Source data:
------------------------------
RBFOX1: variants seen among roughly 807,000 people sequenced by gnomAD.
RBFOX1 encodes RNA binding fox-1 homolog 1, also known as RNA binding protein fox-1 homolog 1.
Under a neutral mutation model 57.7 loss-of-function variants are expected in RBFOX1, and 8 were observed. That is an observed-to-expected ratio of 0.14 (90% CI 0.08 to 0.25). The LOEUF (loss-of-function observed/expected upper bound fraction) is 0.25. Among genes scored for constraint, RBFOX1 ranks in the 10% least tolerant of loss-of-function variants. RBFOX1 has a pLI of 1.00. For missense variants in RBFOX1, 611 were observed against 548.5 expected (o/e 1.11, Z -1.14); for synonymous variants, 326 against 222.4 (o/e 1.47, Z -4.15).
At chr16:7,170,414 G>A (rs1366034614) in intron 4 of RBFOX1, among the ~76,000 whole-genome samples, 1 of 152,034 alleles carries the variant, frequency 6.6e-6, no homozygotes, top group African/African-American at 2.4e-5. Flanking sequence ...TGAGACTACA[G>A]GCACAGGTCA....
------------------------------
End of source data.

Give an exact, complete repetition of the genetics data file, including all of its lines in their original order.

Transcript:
RBFOX1: variants seen among roughly 807,000 people sequenced by gnomAD.
RBFOX1 encodes RNA binding fox-1 homolog 1, also known as RNA binding protein fox-1 homolog 1.
Under a neutral mutation model 57.7 loss-of-function variants are expected in RBFOX1, and 8 were observed. That is an observed-to-expected ratio of 0.14 (90% CI 0.08 to 0.25). The LOEUF (loss-of-function observed/expected upper bound fraction) is 0.25. Among genes scored for constraint, RBFOX1 ranks in the 10% least tolerant of loss-of-function variants. RBFOX1 has a pLI of 1.00. For missense variants in RBFOX1, 611 were observed against 548.5 expected (o/e 1.11, Z -1.14); for synonymous variants, 326 against 222.4 (o/e 1.47, Z -4.15).
At chr16:7,170,414 G>A (rs1366034614) in intron 4 of RBFOX1, among the ~76,000 whole-genome samples, 1 of 152,034 alleles carries the variant, frequency 6.6e-6, no homozygotes, top group African/African-American at 2.4e-5. Flanking sequence ...TGAGACTACA[G>A]GCACAGGTCA....